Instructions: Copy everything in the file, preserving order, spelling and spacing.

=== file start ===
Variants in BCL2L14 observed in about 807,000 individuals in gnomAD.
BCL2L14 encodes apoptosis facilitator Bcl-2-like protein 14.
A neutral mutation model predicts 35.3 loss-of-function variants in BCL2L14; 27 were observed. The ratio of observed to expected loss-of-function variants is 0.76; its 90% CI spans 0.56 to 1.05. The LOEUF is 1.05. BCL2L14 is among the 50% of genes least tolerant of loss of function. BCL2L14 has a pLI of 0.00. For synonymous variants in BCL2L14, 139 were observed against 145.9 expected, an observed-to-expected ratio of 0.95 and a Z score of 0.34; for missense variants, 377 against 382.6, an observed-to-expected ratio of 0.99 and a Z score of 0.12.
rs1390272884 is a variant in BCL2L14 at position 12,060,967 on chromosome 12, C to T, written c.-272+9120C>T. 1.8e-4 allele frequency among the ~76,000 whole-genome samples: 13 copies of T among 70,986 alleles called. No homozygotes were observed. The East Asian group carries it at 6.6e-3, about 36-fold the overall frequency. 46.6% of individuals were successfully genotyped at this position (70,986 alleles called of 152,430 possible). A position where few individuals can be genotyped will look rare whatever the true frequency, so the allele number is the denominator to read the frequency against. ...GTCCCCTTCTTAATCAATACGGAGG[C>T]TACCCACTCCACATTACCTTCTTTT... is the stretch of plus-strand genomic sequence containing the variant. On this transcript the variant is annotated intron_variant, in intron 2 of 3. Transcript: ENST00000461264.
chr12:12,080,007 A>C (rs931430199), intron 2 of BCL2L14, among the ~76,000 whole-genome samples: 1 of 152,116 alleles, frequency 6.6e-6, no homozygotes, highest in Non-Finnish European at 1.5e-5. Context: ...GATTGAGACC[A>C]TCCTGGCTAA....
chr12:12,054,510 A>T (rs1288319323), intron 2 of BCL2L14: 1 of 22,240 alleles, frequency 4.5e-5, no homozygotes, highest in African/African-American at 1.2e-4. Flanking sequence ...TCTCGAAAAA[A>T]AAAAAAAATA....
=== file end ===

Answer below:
Variants in BCL2L14 observed in about 807,000 individuals in gnomAD.
BCL2L14 encodes apoptosis facilitator Bcl-2-like protein 14.
A neutral mutation model predicts 35.3 loss-of-function variants in BCL2L14; 27 were observed. The ratio of observed to expected loss-of-function variants is 0.76; its 90% CI spans 0.56 to 1.05. The LOEUF is 1.05. BCL2L14 is among the 50% of genes least tolerant of loss of function. BCL2L14 has a pLI of 0.00. For synonymous variants in BCL2L14, 139 were observed against 145.9 expected, an observed-to-expected ratio of 0.95 and a Z score of 0.34; for missense variants, 377 against 382.6, an observed-to-expected ratio of 0.99 and a Z score of 0.12.
rs1390272884 is a variant in BCL2L14 at position 12,060,967 on chromosome 12, C to T, written c.-272+9120C>T. 1.8e-4 allele frequency among the ~76,000 whole-genome samples: 13 copies of T among 70,986 alleles called. No homozygotes were observed. The East Asian group carries it at 6.6e-3, about 36-fold the overall frequency. 46.6% of individuals were successfully genotyped at this position (70,986 alleles called of 152,430 possible). A position where few individuals can be genotyped will look rare whatever the true frequency, so the allele number is the denominator to read the frequency against. ...GTCCCCTTCTTAATCAATACGGAGG[C>T]TACCCACTCCACATTACCTTCTTTT... is the stretch of plus-strand genomic sequence containing the variant. On this transcript the variant is annotated intron_variant, in intron 2 of 3. Transcript: ENST00000461264.
chr12:12,080,007 A>C (rs931430199), intron 2 of BCL2L14, among the ~76,000 whole-genome samples: 1 of 152,116 alleles, frequency 6.6e-6, no homozygotes, highest in Non-Finnish European at 1.5e-5. Context: ...GATTGAGACC[A>C]TCCTGGCTAA....
chr12:12,054,510 A>T (rs1288319323), intron 2 of BCL2L14: 1 of 22,240 alleles, frequency 4.5e-5, no homozygotes, highest in African/African-American at 1.2e-4. Flanking sequence ...TCTCGAAAAA[A>T]AAAAAAAATA....